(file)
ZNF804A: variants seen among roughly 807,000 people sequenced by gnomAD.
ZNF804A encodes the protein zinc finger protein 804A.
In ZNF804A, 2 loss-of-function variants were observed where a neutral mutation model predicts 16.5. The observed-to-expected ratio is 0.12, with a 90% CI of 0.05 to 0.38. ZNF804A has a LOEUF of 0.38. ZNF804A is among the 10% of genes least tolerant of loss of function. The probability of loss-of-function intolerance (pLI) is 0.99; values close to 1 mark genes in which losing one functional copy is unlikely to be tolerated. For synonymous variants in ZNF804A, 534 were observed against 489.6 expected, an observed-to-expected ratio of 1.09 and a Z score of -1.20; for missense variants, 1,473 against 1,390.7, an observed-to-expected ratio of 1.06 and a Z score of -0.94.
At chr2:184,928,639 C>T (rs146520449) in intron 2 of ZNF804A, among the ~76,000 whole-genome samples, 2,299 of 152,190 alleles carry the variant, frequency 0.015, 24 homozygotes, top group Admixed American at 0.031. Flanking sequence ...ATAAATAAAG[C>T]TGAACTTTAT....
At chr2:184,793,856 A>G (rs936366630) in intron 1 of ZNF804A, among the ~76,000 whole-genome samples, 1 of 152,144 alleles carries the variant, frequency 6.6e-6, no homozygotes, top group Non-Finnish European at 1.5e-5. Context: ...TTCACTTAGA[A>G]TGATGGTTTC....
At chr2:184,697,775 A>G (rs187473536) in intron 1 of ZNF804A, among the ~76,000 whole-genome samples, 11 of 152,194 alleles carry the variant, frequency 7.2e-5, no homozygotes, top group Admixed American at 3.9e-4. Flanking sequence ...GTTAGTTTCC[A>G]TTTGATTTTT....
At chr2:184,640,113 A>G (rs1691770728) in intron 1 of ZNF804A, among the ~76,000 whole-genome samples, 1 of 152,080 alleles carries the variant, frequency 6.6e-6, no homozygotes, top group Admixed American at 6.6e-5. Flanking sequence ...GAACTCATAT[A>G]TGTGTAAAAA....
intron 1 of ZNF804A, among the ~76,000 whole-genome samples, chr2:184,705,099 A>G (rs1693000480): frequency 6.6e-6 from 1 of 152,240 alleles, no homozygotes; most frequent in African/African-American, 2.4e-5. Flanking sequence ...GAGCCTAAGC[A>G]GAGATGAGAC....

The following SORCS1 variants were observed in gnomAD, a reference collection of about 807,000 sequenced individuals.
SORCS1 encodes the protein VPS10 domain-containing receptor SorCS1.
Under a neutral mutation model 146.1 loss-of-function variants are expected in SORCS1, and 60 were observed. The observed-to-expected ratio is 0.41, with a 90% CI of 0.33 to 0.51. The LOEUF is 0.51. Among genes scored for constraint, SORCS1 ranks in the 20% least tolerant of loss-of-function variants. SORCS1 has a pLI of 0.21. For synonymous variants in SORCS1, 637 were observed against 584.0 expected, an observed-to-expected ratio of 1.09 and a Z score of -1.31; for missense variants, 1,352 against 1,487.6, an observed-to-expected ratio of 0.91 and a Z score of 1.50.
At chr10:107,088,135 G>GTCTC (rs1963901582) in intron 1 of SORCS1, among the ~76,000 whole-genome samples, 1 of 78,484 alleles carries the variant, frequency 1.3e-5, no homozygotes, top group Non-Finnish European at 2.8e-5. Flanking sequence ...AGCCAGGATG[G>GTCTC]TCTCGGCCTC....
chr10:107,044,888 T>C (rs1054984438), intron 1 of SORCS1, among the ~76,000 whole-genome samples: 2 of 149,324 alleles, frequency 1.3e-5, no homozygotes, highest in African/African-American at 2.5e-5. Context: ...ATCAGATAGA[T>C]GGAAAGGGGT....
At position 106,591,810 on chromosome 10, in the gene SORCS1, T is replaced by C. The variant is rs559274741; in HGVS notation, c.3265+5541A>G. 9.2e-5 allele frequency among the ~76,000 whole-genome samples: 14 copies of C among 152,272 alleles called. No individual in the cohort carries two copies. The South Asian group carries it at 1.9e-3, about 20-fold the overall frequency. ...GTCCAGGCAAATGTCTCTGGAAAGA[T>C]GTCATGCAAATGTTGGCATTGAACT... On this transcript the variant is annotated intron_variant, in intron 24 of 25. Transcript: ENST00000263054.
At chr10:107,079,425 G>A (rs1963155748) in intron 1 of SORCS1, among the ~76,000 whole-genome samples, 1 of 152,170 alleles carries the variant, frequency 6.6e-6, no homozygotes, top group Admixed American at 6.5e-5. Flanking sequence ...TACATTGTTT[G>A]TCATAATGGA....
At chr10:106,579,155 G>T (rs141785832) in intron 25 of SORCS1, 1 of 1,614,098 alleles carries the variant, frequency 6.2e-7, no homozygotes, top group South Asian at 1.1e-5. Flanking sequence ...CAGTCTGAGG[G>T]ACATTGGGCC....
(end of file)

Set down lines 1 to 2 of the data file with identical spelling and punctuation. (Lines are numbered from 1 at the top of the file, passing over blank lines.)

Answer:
ZNF804A: variants seen among roughly 807,000 people sequenced by gnomAD.
ZNF804A encodes the protein zinc finger protein 804A.